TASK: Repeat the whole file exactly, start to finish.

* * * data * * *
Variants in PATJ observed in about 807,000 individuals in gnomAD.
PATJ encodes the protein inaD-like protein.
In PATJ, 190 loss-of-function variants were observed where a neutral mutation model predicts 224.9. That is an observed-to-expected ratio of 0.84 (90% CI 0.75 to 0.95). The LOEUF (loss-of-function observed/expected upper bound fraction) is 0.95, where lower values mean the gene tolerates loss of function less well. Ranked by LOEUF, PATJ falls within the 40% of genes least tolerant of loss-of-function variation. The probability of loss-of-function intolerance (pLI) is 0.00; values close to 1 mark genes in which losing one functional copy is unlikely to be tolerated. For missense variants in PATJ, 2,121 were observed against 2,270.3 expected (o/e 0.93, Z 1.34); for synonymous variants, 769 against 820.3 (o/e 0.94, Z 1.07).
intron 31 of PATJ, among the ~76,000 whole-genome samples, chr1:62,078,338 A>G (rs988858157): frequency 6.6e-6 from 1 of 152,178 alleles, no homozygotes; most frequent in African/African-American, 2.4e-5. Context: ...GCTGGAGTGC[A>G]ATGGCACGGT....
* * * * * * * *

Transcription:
Variants in PATJ observed in about 807,000 individuals in gnomAD.
PATJ encodes the protein inaD-like protein.
In PATJ, 190 loss-of-function variants were observed where a neutral mutation model predicts 224.9. That is an observed-to-expected ratio of 0.84 (90% CI 0.75 to 0.95). The LOEUF (loss-of-function observed/expected upper bound fraction) is 0.95, where lower values mean the gene tolerates loss of function less well. Ranked by LOEUF, PATJ falls within the 40% of genes least tolerant of loss-of-function variation. The probability of loss-of-function intolerance (pLI) is 0.00; values close to 1 mark genes in which losing one functional copy is unlikely to be tolerated. For missense variants in PATJ, 2,121 were observed against 2,270.3 expected (o/e 0.93, Z 1.34); for synonymous variants, 769 against 820.3 (o/e 0.94, Z 1.07).
intron 31 of PATJ, among the ~76,000 whole-genome samples, chr1:62,078,338 A>G (rs988858157): frequency 6.6e-6 from 1 of 152,178 alleles, no homozygotes; most frequent in African/African-American, 2.4e-5. Context: ...GCTGGAGTGC[A>G]ATGGCACGGT....